Debt Markets Close Up
You can have a great story with strong fundamentals and awesome returns, but good luck getting anything done; the debt markets have shut down. It’s a nationwide problem facing Houston especially. Experts at Bisnow’s Capital Markets event yesterday delved into what’s going on with financing.
There’s been a dramatic change in the capital markets in the last 90 days, our moderator, NorthMarq managing director Kerry French (snapped, right, with Legacy Texas Bank’s Richard Miller), says. Hanover Co has definitely felt it: CIO Brandt Bowden says Houston has been more of a focus for his firm in the last five years than the previous 15. It started getting bearish in early 2014 because of supply, before oil problems reared their ugly head. By 2015, Hanover was pulling back but still planned to start two projects last year, and raised equity from JP Morgan Chase and USAA. But then the team couldn’t line up debt and the projects didn’t break ground. It’s an unusual phenomenon, Brandt says—usually equity is harder to arrange than debt. But some banks are overexposed in oil, so they had to cut off real estate deals in oil markets.
Lenders drive everything, says Avison Young principal Darrell Betts, pictured with Planned Community Developers’ Don Janssen. "This year, as much as everyone's been talking about oil, they'll be talking about debt markets and how we finance deals," he told our crowd. And he believes the debt problems won’t just be in Houston this year. Conduits are changing their structure; as of two weeks ago they can't just securitize their portfolio and be done with it. Now they have to retain at least 10% and that’s a major game-changer. The cost of debt will go up, driving small conduits out of business, and Dodd-Frank is taking effect, and the market doesn’t know anymore how to calculate liability for issuing companies right, so conduit activity has totally frozen.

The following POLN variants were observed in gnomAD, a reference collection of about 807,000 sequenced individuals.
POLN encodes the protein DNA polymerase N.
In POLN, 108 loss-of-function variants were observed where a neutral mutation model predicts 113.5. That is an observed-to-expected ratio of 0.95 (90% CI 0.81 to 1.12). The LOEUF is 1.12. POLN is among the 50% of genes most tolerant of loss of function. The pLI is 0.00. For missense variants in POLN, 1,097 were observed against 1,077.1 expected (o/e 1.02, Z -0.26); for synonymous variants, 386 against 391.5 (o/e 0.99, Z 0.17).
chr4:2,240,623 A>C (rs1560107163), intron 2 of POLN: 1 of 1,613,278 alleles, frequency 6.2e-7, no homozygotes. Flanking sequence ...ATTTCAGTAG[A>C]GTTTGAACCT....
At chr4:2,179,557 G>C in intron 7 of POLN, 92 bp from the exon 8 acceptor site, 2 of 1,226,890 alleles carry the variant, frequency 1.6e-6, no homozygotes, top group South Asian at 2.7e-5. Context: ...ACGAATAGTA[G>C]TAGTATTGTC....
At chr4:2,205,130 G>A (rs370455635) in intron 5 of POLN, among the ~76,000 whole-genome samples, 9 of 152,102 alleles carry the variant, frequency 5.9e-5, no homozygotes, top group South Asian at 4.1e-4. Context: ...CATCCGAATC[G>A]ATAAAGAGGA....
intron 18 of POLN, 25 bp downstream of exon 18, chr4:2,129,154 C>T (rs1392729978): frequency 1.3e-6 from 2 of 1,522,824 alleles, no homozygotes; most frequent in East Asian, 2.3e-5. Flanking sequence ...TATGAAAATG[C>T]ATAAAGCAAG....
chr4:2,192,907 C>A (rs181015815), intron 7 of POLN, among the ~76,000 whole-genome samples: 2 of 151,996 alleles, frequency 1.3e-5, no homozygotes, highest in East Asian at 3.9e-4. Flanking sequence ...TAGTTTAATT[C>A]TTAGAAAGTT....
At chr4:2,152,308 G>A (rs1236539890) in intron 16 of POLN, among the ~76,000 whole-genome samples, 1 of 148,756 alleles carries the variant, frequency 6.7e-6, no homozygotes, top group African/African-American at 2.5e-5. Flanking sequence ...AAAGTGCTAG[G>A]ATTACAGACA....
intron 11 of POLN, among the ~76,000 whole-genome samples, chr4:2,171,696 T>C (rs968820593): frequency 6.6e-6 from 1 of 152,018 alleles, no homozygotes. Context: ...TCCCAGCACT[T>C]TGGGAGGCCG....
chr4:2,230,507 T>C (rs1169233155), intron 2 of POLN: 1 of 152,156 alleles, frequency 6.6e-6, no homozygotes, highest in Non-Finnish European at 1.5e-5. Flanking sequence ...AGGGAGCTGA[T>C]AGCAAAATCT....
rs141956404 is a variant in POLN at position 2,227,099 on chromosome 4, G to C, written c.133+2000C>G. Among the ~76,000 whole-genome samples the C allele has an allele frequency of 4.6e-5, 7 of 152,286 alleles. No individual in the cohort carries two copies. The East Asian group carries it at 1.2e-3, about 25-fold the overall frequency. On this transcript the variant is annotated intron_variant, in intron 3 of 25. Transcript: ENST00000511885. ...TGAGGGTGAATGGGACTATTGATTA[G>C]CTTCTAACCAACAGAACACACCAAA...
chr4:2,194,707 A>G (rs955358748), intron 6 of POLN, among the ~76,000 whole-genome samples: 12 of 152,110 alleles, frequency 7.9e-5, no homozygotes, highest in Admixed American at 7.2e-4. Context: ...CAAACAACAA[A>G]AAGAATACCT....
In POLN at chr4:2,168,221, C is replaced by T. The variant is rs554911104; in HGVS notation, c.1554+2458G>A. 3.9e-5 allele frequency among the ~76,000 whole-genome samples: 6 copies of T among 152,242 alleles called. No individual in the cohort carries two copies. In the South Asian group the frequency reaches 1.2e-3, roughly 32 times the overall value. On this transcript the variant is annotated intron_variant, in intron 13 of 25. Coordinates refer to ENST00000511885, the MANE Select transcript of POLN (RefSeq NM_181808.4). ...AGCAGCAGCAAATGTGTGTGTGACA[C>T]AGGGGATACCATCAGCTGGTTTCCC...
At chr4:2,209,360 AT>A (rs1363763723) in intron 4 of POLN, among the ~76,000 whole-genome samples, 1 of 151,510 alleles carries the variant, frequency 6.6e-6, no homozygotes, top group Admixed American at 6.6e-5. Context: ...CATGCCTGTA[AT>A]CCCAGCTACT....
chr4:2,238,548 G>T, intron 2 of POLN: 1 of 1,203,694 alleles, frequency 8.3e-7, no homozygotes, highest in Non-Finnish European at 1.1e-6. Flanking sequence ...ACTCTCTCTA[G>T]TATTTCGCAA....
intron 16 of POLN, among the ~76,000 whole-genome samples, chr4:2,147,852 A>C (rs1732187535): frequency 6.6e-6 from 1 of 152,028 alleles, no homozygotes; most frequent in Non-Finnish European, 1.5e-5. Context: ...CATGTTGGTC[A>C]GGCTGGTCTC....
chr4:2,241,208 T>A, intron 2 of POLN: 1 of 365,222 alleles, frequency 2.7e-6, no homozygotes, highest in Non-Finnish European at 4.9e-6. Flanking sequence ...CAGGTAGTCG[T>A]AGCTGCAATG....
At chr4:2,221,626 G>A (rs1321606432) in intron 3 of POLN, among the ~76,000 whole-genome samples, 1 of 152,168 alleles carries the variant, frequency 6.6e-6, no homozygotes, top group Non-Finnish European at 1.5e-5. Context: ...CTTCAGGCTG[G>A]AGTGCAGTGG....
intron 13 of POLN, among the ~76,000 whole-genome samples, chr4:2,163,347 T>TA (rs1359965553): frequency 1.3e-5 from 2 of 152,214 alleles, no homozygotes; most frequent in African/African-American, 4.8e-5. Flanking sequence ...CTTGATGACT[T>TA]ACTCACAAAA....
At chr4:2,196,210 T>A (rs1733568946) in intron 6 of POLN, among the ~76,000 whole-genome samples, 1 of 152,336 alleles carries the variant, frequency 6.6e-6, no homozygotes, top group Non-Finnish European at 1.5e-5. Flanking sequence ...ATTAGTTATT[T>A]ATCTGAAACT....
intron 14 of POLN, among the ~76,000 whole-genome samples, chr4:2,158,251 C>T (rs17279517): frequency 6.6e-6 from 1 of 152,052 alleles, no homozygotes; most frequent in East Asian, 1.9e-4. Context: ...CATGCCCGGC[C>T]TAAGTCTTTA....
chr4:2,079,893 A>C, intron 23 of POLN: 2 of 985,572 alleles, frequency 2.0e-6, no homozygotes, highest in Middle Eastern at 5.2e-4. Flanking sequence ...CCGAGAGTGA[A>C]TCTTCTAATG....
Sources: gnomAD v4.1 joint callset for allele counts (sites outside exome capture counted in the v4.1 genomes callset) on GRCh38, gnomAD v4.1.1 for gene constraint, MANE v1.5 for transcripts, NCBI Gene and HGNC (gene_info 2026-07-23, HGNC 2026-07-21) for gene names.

Weingarten CEO Drew Alexander (far right, with Brandt and JLL’s Jonathan Paine) agrees that the issues are separate from Houston; banks are struggling with rules, CMBS is having issues, and the market is fatigued from so much activity in 2015. But they disagree on how you should react: Darrell recommends getting deals done early because he thinks it’ll get worse, whereas Drew believes the market will adjust and things will ease by the end of the year.
Brandt says going into the market looking for financing was interesting because people would express interest and seem excited by a deal, but then couldn’t get their committees on board with a Houston investment, and PrinREI investment director Casey Miller admits he’s been that guy. He also has seen major challenges getting debt, but says FIRPTA law changes continue to drive foreign investment to Houston, and we’re getting play from equity players.